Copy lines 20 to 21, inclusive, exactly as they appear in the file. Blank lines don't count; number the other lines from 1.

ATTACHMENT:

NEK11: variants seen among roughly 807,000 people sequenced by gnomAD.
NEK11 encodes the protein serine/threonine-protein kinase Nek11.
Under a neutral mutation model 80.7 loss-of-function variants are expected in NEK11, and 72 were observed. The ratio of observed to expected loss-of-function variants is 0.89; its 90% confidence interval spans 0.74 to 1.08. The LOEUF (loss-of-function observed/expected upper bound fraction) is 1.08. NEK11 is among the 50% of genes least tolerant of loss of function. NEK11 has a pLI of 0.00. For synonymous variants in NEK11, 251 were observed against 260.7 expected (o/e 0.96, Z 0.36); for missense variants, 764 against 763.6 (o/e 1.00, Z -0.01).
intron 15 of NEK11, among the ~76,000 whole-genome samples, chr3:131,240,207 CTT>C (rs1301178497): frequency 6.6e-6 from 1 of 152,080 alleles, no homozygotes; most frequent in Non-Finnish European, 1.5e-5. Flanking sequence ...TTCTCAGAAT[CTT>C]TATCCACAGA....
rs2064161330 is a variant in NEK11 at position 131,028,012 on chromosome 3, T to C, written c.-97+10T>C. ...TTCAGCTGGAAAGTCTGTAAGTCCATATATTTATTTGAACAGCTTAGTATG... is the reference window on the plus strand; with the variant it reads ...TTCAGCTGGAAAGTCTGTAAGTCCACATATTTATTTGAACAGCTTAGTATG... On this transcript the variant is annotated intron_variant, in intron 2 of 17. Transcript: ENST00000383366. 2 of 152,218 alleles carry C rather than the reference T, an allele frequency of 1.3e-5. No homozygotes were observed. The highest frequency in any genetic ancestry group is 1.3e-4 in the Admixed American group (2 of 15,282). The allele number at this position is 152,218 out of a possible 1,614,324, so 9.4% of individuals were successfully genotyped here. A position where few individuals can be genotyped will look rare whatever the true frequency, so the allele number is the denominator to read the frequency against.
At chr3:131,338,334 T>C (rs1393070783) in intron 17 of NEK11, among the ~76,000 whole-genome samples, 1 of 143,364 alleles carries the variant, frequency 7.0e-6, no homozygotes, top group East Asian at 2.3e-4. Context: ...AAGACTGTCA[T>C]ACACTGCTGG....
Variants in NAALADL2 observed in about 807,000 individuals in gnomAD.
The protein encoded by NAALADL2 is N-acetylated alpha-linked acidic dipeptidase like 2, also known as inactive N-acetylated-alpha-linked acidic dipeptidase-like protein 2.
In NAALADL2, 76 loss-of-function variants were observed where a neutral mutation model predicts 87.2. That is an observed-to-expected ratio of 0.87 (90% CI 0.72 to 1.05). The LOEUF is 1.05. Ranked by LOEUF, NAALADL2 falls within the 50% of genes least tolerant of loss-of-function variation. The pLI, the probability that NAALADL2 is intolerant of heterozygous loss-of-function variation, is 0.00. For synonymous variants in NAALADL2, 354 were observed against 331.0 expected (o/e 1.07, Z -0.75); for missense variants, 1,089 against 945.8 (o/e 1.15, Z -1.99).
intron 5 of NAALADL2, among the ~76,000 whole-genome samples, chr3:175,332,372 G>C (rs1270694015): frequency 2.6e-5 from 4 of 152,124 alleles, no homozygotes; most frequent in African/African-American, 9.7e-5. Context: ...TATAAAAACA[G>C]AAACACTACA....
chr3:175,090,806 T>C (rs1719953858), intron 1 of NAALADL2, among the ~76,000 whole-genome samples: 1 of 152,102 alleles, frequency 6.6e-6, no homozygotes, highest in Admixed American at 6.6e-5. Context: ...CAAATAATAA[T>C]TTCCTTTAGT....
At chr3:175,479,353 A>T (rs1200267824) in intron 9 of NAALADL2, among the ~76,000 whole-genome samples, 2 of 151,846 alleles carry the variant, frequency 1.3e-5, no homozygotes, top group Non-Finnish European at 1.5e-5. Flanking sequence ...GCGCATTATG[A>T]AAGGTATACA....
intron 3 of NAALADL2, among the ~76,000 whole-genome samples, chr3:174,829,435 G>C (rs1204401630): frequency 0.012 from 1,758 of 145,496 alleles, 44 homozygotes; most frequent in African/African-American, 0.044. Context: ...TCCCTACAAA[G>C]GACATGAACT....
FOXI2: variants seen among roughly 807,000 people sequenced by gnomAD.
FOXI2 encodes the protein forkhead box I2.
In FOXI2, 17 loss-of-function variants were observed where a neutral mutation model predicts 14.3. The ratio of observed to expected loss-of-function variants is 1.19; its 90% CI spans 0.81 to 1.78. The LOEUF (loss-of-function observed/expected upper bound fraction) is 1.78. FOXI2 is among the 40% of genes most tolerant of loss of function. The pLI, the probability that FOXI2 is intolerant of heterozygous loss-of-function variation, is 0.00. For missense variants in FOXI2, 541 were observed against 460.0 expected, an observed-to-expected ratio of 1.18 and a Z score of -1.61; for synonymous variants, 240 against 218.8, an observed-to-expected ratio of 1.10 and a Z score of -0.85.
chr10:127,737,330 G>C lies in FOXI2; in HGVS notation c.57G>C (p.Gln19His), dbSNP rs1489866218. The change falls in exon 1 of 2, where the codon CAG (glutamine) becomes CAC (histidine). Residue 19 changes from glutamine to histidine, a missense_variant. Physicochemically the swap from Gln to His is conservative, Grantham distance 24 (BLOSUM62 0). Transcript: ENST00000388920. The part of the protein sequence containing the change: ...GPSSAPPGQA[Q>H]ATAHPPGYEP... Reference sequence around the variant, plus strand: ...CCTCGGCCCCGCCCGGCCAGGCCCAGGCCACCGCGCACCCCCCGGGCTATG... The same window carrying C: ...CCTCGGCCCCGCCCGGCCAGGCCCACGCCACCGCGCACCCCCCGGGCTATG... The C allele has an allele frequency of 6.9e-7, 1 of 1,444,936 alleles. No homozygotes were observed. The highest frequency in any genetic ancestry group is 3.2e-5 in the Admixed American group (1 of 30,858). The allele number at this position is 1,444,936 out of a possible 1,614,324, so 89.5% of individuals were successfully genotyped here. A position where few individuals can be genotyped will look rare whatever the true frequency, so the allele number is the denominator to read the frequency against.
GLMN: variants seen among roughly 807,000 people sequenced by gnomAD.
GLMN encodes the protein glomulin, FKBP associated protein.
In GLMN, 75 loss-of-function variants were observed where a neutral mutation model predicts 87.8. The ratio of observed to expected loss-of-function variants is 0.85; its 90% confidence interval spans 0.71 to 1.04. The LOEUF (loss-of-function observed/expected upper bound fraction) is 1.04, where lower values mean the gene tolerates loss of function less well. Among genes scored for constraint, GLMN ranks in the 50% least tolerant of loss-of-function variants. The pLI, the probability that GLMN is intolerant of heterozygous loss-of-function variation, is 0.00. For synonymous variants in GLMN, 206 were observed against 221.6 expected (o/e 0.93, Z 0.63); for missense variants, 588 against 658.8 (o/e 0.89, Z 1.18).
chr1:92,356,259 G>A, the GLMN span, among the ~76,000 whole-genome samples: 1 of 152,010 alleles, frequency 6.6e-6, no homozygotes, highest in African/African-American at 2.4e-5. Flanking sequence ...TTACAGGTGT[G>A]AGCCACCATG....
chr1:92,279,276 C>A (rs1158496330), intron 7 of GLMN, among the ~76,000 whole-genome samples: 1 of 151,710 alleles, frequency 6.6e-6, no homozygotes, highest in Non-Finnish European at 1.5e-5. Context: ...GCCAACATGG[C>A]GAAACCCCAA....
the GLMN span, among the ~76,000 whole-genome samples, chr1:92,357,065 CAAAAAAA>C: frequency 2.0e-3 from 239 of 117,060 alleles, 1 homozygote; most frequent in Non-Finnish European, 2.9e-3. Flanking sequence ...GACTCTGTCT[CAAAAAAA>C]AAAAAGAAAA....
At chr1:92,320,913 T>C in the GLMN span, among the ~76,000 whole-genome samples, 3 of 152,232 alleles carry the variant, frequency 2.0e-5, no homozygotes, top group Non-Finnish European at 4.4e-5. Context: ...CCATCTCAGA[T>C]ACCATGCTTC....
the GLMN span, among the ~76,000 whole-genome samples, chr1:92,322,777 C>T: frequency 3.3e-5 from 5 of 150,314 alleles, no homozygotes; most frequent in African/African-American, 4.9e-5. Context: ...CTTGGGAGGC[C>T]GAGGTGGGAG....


In GLMN, 75 loss-of-function variants were observed where a neutral mutation model predicts 87.8. The ratio of observed to expected loss-of-function variants is 0.85; its 90% confidence interval spans 0.71 to 1.04. The LOEUF (loss-of-function observed/expected upper bound fraction) is 1.04, where lower values mean the gene tolerates loss of function less well. Among genes scored for constraint, GLMN ranks in the 50% least tolerant of loss-of-function variants. The pLI, the probability that GLMN is intolerant of heterozygous loss-of-function variation, is 0.00. For synonymous variants in GLMN, 206 were observed against 221.6 expected (o/e 0.93, Z 0.63); for missense variants, 588 against 658.8 (o/e 0.89, Z 1.18).
chr1:92,356,259 G>A, the GLMN span, among the ~76,000 whole-genome samples: 1 of 152,010 alleles, frequency 6.6e-6, no homozygotes, highest in African/African-American at 2.4e-5. Flanking sequence ...TTACAGGTGT[G>A]AGCCACCATG....